Three more hours go by and I can’t take it anymore. I am about to get off on the side of the road, in the middle of who knows where but probably where no foreigner has gone before, when the bus pulls into a main city station. People are grabbing at me through the window to sell me snacks and random toys. One man in particular did not stop hounding me to buy a wooden flute. “I don’t want a flute,” I tell him. “I want a toilet!” I turn to the bus driver and ask, “How long will you be stopping for Mr. Bus Driver?” He looks at me as if I’m an alien. Luckily the kind lady I met at the beginning of the journey translates my question for the bus driver. “The bus will leave in one minute,” the lady tells me. I grab my more “important” bag of the two, and I jump out of the bus door. “Toilet, toilet!” I yell to whoever looks my way. “TOILET! WHERE IS THE TOILET! ANYONE?” Finally, the annoying flute vendor points in the direction of the toilets which is one hundred meters away. I make a mad dash for it. When I finally make it to the toilets there is a man in front of the stalls telling to pay two rupees. CRAP! I remember that I only have larger bills on me, which is unacceptable pretty much anywhere in India. Then I remember I shoved two rupees in my pocket before I left. Luck is finally on my side. I hand the man the two rupees and run to the toilet stall. First stall, locked. Second stall, locked. Third … forth … fifth … sixth stall, locked! Finally, the last stall is open! I drop my bag on the washroom floor (gross, i know, but remember I am strapped for time and my life for the next year is in my bag on the bus), pull down my pants, and … reeeelease! This is what I call complete satisfaction. I finish and quickly pull up my pants. I look back in the stall and realize I forgot the sock in my pants and it was now in the toilet. I guess this particular sock was destined for a different life purpose. I laugh and quickly dash across the station towards the bus. I only have five second left until the bus leaves. The bus rings it’s bell, which means that it is just about to leave, when I realize the bag I’m carrying is open. I turn around and quickly zip it up. I run so fast that I could have definitely come first place in a marathon, when I finally reach the bus as its just pulling away. I quickly jump through the door when I hear, “Miss, Miss!” I turn around and see the flute vendor chasing after me with my scarf in his hand. He quickly throws it to me through the bus window. “Thank you!” I yell. I collapse in my seat with a big sigh of relief. This has definitely been quite the journey.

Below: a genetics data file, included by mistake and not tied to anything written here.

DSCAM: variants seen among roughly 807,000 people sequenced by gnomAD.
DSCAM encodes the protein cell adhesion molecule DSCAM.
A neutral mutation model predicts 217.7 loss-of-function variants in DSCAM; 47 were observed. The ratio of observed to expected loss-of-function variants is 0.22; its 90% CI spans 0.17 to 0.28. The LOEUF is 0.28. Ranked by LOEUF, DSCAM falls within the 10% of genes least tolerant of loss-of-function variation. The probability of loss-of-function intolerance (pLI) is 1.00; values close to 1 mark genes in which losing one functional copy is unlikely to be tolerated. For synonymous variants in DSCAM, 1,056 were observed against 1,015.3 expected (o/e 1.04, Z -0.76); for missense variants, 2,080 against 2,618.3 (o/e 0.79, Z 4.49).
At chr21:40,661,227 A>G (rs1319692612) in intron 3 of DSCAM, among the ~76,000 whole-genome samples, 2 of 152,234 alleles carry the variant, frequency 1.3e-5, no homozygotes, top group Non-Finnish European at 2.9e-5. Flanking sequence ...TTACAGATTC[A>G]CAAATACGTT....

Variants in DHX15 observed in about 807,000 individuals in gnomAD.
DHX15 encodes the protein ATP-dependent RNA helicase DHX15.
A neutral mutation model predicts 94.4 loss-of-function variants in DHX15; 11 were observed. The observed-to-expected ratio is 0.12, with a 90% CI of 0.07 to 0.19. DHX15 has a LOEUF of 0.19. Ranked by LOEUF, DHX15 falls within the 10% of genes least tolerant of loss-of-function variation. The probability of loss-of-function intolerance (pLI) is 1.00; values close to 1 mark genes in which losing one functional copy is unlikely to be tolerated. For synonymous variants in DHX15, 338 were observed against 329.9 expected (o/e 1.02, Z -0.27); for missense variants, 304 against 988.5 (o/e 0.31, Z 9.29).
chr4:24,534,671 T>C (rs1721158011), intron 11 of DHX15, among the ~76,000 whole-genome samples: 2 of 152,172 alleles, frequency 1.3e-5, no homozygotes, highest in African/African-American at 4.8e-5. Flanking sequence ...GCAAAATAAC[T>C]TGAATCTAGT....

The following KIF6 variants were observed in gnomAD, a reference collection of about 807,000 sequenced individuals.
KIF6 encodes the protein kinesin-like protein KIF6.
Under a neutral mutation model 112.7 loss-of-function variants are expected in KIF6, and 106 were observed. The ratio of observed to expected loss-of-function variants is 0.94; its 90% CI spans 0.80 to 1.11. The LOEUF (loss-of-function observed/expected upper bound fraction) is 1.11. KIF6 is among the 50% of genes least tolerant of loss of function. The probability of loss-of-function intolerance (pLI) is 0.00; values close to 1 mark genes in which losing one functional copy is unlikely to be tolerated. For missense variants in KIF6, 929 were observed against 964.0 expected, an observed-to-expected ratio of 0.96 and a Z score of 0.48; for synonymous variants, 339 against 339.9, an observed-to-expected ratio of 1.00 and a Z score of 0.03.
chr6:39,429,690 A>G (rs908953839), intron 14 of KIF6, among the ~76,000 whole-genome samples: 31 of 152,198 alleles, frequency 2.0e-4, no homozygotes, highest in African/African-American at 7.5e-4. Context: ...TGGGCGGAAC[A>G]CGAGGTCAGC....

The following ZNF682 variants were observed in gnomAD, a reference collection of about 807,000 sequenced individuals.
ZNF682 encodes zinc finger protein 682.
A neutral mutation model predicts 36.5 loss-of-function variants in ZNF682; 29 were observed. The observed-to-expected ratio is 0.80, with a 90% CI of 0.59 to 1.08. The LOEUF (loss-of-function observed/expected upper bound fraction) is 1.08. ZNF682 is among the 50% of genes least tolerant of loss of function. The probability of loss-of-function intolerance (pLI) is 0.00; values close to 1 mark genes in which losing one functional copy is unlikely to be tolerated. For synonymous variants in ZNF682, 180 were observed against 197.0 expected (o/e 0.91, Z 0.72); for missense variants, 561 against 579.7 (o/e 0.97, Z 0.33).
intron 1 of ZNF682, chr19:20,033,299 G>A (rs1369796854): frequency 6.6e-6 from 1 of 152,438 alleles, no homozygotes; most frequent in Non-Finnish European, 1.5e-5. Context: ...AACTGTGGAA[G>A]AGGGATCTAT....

So, what is the lesson learned from this experience?
1) Never underestimate someone’s generosity.
2) If you’re thinking of taking a public bus in India, make sure you bring some Depends.